After a month of turmoil and uncertainty surrounding the city of Charlottesville, the City Council convened to address the situation at hand after the tragic events that transpired on August 12th. In a meeting on September 5th, the Council unanimously approved the removal of the statue of Confederate General Thomas “Stonewall” Jackson from Justice Park.
Previously, the Council voted 3-2 to remove the statue of General Robert E. Lee, and then voted 3-2 in April to sell the statue. Both times, measures were taken to keep the statue in place, including an injunction issued by Charlottesville Circuit Court Judge Richard Moore in response to a lawsuit filed against the City of Charlottesville in March.
The decision to remove the Jackson statue was met with no resistance from within the City Council.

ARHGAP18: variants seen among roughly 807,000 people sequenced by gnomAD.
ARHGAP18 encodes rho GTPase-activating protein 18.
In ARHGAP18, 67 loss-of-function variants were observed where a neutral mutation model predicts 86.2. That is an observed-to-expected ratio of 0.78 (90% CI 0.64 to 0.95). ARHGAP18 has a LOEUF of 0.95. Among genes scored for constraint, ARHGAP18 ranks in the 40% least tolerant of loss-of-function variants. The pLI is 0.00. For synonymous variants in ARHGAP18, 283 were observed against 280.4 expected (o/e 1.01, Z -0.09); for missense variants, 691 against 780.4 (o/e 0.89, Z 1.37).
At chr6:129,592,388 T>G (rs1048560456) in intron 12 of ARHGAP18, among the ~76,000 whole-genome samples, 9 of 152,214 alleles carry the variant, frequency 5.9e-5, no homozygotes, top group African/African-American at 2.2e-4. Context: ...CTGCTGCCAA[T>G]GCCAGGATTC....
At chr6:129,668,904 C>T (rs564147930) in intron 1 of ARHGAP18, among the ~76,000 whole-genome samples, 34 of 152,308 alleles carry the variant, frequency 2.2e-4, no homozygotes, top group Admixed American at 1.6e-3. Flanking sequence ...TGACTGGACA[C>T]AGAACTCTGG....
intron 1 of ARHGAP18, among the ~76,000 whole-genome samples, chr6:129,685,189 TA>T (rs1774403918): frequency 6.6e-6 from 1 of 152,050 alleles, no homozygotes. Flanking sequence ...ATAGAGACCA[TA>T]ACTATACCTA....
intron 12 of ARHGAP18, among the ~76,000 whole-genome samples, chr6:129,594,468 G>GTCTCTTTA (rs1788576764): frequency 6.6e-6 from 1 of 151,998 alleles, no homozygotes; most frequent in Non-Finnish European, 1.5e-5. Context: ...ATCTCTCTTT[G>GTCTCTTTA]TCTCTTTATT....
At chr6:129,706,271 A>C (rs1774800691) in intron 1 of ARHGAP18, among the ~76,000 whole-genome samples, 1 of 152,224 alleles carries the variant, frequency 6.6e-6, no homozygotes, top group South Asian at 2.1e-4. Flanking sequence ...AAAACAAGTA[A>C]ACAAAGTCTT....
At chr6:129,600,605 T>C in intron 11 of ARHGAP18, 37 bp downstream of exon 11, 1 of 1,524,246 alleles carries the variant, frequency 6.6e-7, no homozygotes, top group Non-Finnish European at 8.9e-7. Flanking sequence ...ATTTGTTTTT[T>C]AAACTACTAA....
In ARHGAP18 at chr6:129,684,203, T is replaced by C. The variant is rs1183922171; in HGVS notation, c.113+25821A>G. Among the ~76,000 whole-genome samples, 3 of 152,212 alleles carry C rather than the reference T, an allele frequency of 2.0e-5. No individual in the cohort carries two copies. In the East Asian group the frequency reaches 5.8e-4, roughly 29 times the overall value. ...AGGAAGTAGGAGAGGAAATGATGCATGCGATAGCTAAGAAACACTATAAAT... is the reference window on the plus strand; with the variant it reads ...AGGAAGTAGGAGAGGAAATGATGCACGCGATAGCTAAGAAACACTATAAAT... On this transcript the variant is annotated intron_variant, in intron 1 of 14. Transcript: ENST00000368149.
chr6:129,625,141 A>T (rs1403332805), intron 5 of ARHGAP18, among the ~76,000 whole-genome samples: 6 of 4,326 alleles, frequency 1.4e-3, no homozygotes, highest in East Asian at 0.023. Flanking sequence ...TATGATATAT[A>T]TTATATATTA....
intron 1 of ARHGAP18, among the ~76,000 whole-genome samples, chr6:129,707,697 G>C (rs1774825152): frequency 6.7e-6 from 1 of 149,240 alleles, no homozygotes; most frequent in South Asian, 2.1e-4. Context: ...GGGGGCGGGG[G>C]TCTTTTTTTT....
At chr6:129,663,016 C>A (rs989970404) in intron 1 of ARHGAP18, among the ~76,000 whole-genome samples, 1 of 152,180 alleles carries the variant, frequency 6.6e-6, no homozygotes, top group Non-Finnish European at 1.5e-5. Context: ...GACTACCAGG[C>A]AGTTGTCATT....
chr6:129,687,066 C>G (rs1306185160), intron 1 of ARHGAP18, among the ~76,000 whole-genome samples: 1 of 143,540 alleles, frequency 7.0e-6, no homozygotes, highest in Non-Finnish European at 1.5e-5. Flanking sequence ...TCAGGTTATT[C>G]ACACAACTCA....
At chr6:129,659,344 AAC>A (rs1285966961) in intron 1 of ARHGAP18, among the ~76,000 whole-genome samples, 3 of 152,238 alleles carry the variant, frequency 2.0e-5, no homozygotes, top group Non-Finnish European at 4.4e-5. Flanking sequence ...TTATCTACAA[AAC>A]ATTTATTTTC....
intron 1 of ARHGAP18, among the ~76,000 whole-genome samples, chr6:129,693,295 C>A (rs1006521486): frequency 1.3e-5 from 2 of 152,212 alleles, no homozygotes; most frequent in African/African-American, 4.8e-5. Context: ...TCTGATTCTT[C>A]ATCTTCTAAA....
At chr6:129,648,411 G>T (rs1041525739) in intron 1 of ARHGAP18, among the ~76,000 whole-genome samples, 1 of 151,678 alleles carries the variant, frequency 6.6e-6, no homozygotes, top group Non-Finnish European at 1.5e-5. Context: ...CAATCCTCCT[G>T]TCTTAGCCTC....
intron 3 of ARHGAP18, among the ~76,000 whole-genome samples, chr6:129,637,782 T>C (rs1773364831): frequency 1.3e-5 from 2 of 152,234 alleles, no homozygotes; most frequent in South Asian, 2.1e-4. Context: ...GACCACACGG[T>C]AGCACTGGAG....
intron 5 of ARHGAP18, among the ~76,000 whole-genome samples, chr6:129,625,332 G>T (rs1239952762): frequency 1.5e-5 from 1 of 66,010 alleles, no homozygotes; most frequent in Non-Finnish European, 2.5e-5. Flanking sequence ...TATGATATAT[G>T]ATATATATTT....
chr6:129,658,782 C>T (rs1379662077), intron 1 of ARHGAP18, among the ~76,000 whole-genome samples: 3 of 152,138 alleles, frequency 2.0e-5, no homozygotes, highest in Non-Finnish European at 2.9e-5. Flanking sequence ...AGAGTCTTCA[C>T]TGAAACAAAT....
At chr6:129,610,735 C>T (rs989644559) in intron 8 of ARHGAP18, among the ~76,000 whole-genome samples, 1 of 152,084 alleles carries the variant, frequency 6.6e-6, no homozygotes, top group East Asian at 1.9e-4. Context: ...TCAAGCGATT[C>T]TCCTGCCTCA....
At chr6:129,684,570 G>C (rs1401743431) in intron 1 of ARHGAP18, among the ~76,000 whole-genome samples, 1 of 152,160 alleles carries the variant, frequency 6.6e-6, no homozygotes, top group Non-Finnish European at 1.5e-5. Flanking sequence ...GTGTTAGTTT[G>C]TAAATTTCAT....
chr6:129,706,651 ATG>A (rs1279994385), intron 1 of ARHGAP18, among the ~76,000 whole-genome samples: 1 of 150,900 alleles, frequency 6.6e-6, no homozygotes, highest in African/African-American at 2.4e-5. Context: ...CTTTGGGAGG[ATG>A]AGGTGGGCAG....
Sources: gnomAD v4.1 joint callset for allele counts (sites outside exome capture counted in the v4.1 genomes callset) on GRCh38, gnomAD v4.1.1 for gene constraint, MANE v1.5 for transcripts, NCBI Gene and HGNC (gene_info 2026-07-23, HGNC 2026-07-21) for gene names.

Vice Mayor Wes Bellamy explained, “This is a complete and total Council decision. We are all in favor of this. This is a situation we are looking to move forward on, hopefully with favor from the courts, to provide equity within our public spaces and a sense of healing for our city.”
City Councilor Bob Fenwick echoed these remarks by stating, “These statues belong in a museum…On August 12th, we saw the kind of [people] those statues attract and it was dark and sinister. We are not by removing these statues … destroying history.”
Similar sentiments are expressed in Holland Cotter’s article, “We Need to Move, Not Destroy, Confederate Monuments”, which was featured in The New York Times.
The removal of the Stonewall Jackson statue will be a good initial step to restoring peace in the city of Charlottesville after this summer’s events. All the city can hope for now is that the process will not be met with opposition.